Different impact of NOTCH1 and SF3B1 mutations on the risk of chronic lymphocytic leukemia transformation to Richter syndrome

Luca Laurenti, Maurizio Martini, Luigi Maria Larocca, D Rossi, S Rasi, V Spina, M Fangazio, S Monti, M Greco, C Ciardullo, R Famà, S Cresta, A Bruscaggin, P Musto, F Forconi, R Marasca, R Foà, G. Gaidano

Risultato della ricerca: Contributo in rivistaArticolo in rivista

74 Citazioni (Scopus)

Abstract

Richter syndrome (RS) represents the development of an aggressive lymphoma, most commonly diffuse large B-cell lymphoma (DLBCL), in the context of chronic lymphocytic leukaemia (CLL). At least two types of RS exist: (i) transformation of CLL into a clonally related DLBCL, that accounts for ~80% of cases; and (ii) development of a DLBCL unrelated to the CLL clone. Clonally related RS and clonally unrelated RS are distinct disorders (Rossi et al, 2011a). Clinically, transformation into a clonally related RS is frequently lethal with an expected survival of a few months, while CLL patients developing a clonally unrelated RS display a survival probability in the range of de novo DLBCL (Rossi et al, 2011a). Biologically, clonally related RS frequently acquire genetic lesions of TP53, MYC and NOTCH1, which are otherwise absent or exceptional in clonally unrelated RS (Rossi et al, 2011a).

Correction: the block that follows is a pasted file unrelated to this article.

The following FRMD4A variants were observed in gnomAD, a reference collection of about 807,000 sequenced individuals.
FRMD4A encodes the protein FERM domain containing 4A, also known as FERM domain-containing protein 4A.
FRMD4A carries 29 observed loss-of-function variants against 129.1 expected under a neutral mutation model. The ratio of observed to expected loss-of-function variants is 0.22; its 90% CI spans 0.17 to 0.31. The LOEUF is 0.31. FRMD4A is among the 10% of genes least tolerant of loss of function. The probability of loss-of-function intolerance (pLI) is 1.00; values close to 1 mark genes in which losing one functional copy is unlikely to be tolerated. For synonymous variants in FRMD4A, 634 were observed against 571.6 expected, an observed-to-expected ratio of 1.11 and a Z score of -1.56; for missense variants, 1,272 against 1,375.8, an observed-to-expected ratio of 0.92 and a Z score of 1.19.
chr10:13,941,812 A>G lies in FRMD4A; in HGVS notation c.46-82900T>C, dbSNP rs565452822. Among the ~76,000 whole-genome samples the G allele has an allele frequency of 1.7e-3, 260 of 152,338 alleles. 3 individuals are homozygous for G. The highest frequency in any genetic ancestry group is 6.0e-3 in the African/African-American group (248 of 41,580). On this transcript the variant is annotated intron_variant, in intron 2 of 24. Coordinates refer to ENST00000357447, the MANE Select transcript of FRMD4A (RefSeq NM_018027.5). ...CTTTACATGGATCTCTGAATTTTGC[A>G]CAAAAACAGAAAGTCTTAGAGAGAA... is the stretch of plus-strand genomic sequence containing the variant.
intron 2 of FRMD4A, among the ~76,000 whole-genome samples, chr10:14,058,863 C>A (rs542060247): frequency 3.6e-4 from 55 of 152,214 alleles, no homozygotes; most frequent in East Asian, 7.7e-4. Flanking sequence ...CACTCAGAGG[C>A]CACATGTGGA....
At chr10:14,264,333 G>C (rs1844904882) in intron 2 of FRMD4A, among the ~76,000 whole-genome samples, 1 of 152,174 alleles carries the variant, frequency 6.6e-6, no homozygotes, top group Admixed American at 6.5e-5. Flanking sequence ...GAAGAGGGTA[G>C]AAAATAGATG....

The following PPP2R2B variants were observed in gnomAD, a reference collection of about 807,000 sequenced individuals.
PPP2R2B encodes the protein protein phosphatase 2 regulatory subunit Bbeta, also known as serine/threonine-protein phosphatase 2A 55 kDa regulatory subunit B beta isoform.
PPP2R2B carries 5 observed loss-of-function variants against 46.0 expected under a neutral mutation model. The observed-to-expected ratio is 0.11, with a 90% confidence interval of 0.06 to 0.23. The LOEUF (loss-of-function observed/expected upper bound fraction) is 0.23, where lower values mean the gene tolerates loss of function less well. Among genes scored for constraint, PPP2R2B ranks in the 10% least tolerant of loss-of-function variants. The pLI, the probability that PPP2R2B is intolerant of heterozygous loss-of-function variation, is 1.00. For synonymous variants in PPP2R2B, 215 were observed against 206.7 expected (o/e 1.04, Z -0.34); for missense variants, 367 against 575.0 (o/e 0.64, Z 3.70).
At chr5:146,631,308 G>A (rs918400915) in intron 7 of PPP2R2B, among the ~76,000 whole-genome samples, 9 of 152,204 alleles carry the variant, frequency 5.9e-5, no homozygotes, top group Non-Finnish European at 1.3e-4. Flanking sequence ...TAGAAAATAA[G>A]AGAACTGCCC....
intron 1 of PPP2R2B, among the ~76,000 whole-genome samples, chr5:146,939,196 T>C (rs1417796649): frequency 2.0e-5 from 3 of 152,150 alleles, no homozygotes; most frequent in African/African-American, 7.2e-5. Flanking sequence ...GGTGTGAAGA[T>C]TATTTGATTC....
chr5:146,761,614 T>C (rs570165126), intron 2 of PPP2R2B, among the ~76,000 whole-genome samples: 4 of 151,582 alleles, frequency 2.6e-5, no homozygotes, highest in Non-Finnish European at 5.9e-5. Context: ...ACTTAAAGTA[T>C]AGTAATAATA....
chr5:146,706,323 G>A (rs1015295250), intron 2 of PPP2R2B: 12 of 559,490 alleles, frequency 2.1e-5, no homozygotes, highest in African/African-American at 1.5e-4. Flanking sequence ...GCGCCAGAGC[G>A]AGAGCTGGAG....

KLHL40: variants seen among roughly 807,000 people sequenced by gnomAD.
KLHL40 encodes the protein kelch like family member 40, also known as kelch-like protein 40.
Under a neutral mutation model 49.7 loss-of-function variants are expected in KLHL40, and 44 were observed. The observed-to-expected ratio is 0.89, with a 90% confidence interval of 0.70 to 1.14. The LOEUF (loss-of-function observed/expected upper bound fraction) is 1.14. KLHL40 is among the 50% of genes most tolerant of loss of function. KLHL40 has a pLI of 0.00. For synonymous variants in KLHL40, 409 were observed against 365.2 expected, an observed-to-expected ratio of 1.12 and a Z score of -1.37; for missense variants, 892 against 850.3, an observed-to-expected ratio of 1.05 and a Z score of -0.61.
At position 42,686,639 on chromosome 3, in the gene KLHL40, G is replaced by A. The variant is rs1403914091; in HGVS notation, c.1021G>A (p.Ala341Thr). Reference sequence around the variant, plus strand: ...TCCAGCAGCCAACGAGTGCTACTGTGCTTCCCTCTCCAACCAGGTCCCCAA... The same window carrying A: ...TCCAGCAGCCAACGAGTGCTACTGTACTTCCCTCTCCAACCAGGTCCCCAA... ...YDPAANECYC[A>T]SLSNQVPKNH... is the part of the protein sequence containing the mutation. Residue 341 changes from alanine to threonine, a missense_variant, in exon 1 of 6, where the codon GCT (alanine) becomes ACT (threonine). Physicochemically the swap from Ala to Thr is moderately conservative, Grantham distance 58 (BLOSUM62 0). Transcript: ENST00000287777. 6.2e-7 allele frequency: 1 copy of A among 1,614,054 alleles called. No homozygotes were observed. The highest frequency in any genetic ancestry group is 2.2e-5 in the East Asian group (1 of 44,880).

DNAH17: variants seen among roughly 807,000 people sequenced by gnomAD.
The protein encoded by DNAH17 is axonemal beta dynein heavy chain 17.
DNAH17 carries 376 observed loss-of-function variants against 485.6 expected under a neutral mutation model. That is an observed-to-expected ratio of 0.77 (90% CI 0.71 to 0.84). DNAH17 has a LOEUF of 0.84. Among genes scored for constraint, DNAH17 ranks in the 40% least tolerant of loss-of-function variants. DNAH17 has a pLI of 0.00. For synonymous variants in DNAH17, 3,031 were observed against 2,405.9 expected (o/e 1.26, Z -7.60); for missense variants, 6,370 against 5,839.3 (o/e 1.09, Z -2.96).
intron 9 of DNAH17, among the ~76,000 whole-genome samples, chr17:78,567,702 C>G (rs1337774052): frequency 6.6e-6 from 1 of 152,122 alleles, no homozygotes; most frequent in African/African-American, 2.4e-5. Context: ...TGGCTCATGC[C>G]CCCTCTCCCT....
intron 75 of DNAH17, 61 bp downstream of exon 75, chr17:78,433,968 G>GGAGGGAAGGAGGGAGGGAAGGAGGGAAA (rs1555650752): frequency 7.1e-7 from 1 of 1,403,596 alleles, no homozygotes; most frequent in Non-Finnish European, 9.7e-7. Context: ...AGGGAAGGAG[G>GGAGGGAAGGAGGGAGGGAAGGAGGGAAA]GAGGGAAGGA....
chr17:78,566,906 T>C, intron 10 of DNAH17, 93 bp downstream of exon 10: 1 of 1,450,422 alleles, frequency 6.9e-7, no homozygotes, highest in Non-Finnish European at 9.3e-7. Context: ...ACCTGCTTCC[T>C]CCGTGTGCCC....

Lingua originaleEnglish
pagine (da-a)426-429
Numero di pagine4
RivistaBritish Journal of Haematology
Volume158
DOI
Stato di pubblicazionePubblicato - 2012

Keywords

  • Aged
  • Genetic Predisposition to Disease
  • Humans
  • Leukemia, Lymphocytic, Chronic, B-Cell
  • Lymphoma, Large B-Cell, Diffuse
  • Mutation
  • Phosphoproteins
  • Receptor, Notch1
  • Ribonucleoprotein, U2 Small Nuclear
  • Syndrome

Fingerprint

Entra nei temi di ricerca di 'Different impact of NOTCH1 and SF3B1 mutations on the risk of chronic lymphocytic leukemia transformation to Richter syndrome'. Insieme formano una fingerprint unica.

Cita questo